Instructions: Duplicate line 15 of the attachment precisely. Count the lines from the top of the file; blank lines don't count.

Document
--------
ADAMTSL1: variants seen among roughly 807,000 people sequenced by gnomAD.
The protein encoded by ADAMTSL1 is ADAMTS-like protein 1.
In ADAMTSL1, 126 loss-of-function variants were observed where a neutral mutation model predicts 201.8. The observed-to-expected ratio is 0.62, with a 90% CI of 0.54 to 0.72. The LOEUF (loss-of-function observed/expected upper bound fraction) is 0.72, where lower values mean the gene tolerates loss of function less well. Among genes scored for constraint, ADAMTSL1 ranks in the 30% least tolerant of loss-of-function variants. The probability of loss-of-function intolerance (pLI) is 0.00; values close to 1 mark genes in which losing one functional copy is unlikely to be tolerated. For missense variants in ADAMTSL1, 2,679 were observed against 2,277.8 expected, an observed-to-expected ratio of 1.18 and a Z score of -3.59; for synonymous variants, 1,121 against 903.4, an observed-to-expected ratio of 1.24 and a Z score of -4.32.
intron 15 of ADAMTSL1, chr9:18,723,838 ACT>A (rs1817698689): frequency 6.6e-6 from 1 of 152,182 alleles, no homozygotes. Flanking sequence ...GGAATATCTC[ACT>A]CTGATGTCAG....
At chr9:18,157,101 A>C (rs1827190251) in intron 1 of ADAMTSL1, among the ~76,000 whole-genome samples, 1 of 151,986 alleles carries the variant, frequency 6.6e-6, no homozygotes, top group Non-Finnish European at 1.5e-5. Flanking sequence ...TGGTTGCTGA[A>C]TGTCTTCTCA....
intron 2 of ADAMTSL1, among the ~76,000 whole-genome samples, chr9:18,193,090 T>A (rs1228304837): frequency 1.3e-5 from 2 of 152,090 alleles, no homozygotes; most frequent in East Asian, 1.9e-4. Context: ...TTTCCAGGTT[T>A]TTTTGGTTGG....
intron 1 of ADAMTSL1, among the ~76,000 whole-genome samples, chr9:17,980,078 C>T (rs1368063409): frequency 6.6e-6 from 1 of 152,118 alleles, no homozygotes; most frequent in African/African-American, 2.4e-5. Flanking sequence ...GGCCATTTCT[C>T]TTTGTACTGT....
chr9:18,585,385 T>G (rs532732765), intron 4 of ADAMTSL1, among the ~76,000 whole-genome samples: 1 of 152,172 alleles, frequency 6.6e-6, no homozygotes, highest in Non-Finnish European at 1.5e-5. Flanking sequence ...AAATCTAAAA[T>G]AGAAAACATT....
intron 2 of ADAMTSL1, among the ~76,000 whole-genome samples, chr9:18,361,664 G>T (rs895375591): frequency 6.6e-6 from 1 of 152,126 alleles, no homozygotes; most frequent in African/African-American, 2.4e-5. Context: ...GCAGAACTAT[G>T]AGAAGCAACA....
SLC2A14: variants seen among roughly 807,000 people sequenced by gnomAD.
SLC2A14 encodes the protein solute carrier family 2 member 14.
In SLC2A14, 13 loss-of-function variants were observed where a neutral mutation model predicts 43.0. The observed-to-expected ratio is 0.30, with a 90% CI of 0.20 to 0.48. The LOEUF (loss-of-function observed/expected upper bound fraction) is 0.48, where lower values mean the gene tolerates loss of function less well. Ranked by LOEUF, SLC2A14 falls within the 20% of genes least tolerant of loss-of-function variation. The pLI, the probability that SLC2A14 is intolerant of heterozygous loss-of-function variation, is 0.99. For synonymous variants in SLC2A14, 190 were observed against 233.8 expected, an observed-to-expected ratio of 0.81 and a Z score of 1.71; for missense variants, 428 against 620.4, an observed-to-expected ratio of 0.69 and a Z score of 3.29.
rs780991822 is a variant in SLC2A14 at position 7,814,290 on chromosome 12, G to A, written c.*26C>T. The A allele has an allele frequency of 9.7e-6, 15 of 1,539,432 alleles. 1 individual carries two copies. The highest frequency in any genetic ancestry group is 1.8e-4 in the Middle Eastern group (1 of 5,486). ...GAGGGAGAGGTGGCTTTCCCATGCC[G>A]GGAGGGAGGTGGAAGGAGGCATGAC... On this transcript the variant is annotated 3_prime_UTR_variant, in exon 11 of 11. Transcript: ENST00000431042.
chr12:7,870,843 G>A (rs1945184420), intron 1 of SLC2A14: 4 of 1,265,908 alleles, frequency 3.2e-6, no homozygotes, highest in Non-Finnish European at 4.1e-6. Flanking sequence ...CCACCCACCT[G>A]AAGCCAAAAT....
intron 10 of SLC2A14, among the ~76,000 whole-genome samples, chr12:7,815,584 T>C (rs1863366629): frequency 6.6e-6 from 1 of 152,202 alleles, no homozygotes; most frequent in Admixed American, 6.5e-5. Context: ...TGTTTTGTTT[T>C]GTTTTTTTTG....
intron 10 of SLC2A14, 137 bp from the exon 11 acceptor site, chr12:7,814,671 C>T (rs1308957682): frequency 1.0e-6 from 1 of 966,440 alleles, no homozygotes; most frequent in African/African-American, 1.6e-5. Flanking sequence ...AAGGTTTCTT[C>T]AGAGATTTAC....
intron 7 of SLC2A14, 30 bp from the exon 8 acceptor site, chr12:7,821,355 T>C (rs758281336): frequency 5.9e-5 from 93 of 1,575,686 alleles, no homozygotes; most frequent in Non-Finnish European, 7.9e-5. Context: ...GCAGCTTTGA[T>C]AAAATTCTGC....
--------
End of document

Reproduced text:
intron 10 of SLC2A14, among the ~76,000 whole-genome samples, chr12:7,815,584 T>C (rs1863366629): frequency 6.6e-6 from 1 of 152,202 alleles, no homozygotes; most frequent in Admixed American, 6.5e-5. Context: ...TGTTTTGTTT[T>C]GTTTTTTTTG....